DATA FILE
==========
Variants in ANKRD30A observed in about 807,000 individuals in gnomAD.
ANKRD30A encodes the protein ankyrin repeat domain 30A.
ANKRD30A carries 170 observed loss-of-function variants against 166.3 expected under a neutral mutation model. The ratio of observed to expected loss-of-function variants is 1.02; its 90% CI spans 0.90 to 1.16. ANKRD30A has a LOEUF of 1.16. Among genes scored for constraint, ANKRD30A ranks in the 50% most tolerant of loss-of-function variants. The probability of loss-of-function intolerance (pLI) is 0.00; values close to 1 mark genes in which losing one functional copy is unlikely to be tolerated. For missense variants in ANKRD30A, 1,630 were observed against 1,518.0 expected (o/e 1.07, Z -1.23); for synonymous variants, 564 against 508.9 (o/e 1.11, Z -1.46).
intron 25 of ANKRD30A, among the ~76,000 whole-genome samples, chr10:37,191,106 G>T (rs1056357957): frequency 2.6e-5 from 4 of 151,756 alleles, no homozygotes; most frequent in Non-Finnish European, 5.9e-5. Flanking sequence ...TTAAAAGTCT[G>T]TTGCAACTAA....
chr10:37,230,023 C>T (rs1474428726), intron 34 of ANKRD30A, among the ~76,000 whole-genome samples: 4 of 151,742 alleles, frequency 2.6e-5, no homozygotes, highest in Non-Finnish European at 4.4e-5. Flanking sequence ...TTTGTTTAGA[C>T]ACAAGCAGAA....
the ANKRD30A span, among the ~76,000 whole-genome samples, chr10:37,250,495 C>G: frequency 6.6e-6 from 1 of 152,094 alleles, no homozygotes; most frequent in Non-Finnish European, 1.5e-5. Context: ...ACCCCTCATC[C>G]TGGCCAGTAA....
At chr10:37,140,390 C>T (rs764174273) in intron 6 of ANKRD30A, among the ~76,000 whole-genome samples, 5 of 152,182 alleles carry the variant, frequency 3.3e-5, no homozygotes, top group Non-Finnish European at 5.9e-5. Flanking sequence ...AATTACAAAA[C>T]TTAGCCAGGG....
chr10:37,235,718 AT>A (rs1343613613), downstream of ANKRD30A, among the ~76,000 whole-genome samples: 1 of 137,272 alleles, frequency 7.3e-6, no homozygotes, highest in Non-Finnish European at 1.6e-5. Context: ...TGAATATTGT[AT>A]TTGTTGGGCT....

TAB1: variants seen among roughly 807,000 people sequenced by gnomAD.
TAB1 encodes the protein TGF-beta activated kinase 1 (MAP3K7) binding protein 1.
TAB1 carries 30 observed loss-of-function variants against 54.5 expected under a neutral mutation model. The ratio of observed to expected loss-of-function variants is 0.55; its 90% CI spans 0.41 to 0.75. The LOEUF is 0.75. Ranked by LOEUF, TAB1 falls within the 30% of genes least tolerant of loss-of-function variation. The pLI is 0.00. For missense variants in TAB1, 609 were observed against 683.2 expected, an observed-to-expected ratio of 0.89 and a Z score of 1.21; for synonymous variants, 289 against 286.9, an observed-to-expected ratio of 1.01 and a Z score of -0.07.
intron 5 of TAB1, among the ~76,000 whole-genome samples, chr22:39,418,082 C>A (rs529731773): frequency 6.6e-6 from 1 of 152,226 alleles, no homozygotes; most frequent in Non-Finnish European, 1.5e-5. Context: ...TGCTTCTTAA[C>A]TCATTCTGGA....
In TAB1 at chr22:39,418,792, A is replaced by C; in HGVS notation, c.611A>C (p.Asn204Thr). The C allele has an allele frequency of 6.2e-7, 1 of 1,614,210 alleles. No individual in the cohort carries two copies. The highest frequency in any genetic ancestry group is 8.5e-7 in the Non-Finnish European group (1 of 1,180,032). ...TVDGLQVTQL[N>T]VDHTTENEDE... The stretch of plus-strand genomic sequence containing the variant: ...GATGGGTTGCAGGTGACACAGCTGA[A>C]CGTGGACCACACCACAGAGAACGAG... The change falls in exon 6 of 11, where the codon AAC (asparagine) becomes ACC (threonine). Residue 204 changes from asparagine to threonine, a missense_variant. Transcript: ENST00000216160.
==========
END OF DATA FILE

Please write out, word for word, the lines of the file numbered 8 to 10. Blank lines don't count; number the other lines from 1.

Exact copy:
chr10:37,235,718 AT>A (rs1343613613), downstream of ANKRD30A, among the ~76,000 whole-genome samples: 1 of 137,272 alleles, frequency 7.3e-6, no homozygotes, highest in Non-Finnish European at 1.6e-5. Context: ...TGAATATTGT[AT>A]TTGTTGGGCT....

TAB1: variants seen among roughly 807,000 people sequenced by gnomAD.
TAB1 encodes the protein TGF-beta activated kinase 1 (MAP3K7) binding protein 1.